• G. R. Berridge


Diplomacy is an essentially political activity and, well-resourced and skilful, a major ingredient of power. Its chief purpose is to enable states to secure the objectives of their foreign policies without resort to force, propaganda, or law. It follows that diplomacy consists of communication between officials designed to promote foreign policy either by formal agreement or tacit adjustment. Although it also includes such discrete activities as gathering information, clarifying intentions, and engendering goodwill, it is thus not surprising that, until the label ‘diplomacy’ was affixed to all of these activities by the British parliamentarian Edmund Burke in 1796, it was known most commonly as ‘negotiation’ — by Cardinal Richelieu, the first minister of Louis XIII, as négociation continuelle. Diplomacy is not merely what professional diplomatic agents do. It is carried out by other officials and by private persons under the direction of officials. As we shall see, it is also carried out through many different channels besides the traditional resident mission. Together with the balance of power, which it both reflects and reinforces, diplomacy is the most important institution of our society of states.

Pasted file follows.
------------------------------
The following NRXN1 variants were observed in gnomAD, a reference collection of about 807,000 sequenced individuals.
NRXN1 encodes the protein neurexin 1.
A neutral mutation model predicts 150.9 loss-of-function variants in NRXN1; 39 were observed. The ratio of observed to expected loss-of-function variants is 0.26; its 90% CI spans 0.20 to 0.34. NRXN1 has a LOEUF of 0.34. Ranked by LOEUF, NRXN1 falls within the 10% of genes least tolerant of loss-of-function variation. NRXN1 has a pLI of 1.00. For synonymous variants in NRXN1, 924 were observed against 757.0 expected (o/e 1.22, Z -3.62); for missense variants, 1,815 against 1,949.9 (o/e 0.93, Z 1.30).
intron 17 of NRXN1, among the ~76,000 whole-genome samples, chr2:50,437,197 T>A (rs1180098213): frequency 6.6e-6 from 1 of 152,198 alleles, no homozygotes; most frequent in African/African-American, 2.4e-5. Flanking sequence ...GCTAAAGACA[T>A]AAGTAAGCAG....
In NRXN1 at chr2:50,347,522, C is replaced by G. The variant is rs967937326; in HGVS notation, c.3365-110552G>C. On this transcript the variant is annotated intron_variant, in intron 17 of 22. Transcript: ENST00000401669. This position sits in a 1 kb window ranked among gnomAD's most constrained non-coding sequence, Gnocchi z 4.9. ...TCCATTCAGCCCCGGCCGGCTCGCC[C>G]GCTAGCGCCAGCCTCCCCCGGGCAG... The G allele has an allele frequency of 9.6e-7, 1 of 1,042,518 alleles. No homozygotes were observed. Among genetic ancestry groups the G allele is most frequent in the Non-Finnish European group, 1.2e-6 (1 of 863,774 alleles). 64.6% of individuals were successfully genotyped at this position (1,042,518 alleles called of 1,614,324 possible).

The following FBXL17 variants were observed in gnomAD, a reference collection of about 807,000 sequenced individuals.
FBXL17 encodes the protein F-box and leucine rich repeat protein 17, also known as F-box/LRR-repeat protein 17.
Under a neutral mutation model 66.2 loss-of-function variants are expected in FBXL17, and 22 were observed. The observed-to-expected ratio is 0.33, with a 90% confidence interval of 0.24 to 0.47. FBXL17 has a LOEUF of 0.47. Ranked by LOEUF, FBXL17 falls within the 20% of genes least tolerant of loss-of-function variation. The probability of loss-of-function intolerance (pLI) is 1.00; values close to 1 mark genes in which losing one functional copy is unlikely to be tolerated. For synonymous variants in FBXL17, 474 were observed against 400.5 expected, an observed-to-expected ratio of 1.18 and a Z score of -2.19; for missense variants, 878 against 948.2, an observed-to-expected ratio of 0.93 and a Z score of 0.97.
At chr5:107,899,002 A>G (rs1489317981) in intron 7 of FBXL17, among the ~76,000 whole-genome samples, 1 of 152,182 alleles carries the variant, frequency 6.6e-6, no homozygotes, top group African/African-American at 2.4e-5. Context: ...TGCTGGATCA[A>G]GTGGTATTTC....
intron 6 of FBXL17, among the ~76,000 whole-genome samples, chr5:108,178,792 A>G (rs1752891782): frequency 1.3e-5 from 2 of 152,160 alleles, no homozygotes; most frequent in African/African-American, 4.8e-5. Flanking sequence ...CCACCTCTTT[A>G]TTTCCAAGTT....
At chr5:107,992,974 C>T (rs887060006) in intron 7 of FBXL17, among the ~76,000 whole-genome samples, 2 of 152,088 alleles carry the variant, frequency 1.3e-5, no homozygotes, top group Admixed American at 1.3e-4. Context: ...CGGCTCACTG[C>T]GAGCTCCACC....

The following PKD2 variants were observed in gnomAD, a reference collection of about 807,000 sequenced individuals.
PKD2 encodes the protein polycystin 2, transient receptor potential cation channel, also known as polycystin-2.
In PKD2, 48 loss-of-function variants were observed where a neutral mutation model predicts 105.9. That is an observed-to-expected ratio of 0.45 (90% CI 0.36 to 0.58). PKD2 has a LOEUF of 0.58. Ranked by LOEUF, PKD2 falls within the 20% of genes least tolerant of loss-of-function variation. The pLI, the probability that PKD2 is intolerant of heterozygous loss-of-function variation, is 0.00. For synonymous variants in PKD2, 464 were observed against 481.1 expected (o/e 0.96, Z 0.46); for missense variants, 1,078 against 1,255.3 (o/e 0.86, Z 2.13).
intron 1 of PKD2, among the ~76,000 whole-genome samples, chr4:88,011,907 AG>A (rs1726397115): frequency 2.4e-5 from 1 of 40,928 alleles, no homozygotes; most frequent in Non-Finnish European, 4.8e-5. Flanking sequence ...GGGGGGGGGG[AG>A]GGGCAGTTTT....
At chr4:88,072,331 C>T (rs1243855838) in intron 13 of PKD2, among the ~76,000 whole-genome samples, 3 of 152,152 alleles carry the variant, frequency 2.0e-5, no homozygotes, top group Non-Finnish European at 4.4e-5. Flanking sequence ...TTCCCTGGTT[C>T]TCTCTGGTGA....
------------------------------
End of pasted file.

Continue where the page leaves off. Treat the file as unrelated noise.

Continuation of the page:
Foreign Policy Discrete Activity Chief Purpose French System Cultural Toleration 
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Further reading

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  17. Sharp, Paul and Geoffrey Wiseman (eds), The Diplomatic Corps as an Institution of International Society (Palgrave Macmillan: Basingstoke/New York, 2007).Google Scholar
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© G. R. Berridge 2010

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  • G. R. Berridge

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